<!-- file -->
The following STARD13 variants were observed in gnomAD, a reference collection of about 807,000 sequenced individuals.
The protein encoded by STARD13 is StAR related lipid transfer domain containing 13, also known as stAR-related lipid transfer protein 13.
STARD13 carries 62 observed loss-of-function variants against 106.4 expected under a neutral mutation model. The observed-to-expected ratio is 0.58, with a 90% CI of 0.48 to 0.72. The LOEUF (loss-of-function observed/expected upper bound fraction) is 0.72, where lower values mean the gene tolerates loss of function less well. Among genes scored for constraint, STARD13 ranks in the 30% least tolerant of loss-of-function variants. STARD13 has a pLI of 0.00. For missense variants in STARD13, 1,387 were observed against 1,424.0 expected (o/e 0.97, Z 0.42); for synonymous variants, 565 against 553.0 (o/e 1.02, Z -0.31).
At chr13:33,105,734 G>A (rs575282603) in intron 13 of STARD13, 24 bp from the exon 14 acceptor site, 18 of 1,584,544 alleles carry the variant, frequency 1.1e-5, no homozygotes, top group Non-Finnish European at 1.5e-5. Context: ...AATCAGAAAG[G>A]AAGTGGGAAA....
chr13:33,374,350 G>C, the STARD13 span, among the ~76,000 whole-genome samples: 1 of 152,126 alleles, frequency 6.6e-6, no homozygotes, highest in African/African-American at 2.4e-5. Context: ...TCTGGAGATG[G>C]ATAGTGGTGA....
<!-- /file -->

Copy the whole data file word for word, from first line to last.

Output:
The following STARD13 variants were observed in gnomAD, a reference collection of about 807,000 sequenced individuals.
The protein encoded by STARD13 is StAR related lipid transfer domain containing 13, also known as stAR-related lipid transfer protein 13.
STARD13 carries 62 observed loss-of-function variants against 106.4 expected under a neutral mutation model. The observed-to-expected ratio is 0.58, with a 90% CI of 0.48 to 0.72. The LOEUF (loss-of-function observed/expected upper bound fraction) is 0.72, where lower values mean the gene tolerates loss of function less well. Among genes scored for constraint, STARD13 ranks in the 30% least tolerant of loss-of-function variants. STARD13 has a pLI of 0.00. For missense variants in STARD13, 1,387 were observed against 1,424.0 expected (o/e 0.97, Z 0.42); for synonymous variants, 565 against 553.0 (o/e 1.02, Z -0.31).
At chr13:33,105,734 G>A (rs575282603) in intron 13 of STARD13, 24 bp from the exon 14 acceptor site, 18 of 1,584,544 alleles carry the variant, frequency 1.1e-5, no homozygotes, top group Non-Finnish European at 1.5e-5. Context: ...AATCAGAAAG[G>A]AAGTGGGAAA....
chr13:33,374,350 G>C, the STARD13 span, among the ~76,000 whole-genome samples: 1 of 152,126 alleles, frequency 6.6e-6, no homozygotes, highest in African/African-American at 2.4e-5. Context: ...TCTGGAGATG[G>C]ATAGTGGTGA....